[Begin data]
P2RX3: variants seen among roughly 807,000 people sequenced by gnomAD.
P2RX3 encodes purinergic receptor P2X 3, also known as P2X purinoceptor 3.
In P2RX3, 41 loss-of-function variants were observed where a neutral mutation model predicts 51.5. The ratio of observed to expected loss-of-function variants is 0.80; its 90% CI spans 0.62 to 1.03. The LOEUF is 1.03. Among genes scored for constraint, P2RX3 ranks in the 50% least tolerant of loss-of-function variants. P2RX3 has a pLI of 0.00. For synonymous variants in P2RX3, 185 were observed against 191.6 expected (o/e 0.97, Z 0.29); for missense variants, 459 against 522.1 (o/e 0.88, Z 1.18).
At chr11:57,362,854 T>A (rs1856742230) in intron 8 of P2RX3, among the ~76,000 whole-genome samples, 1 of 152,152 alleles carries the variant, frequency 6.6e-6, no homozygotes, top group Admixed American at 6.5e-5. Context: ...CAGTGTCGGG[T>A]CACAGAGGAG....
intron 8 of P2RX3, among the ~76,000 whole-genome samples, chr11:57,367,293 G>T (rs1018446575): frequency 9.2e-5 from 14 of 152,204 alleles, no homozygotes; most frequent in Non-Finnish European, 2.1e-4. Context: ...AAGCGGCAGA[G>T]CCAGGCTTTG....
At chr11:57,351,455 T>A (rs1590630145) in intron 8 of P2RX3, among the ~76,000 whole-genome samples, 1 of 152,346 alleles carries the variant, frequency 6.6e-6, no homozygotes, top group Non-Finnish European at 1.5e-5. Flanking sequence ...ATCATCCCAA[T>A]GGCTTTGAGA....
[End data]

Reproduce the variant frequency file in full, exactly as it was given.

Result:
P2RX3: variants seen among roughly 807,000 people sequenced by gnomAD.
P2RX3 encodes purinergic receptor P2X 3, also known as P2X purinoceptor 3.
In P2RX3, 41 loss-of-function variants were observed where a neutral mutation model predicts 51.5. The ratio of observed to expected loss-of-function variants is 0.80; its 90% CI spans 0.62 to 1.03. The LOEUF is 1.03. Among genes scored for constraint, P2RX3 ranks in the 50% least tolerant of loss-of-function variants. P2RX3 has a pLI of 0.00. For synonymous variants in P2RX3, 185 were observed against 191.6 expected (o/e 0.97, Z 0.29); for missense variants, 459 against 522.1 (o/e 0.88, Z 1.18).
At chr11:57,362,854 T>A (rs1856742230) in intron 8 of P2RX3, among the ~76,000 whole-genome samples, 1 of 152,152 alleles carries the variant, frequency 6.6e-6, no homozygotes, top group Admixed American at 6.5e-5. Context: ...CAGTGTCGGG[T>A]CACAGAGGAG....
intron 8 of P2RX3, among the ~76,000 whole-genome samples, chr11:57,367,293 G>T (rs1018446575): frequency 9.2e-5 from 14 of 152,204 alleles, no homozygotes; most frequent in Non-Finnish European, 2.1e-4. Context: ...AAGCGGCAGA[G>T]CCAGGCTTTG....
At chr11:57,351,455 T>A (rs1590630145) in intron 8 of P2RX3, among the ~76,000 whole-genome samples, 1 of 152,346 alleles carries the variant, frequency 6.6e-6, no homozygotes, top group Non-Finnish European at 1.5e-5. Flanking sequence ...ATCATCCCAA[T>A]GGCTTTGAGA....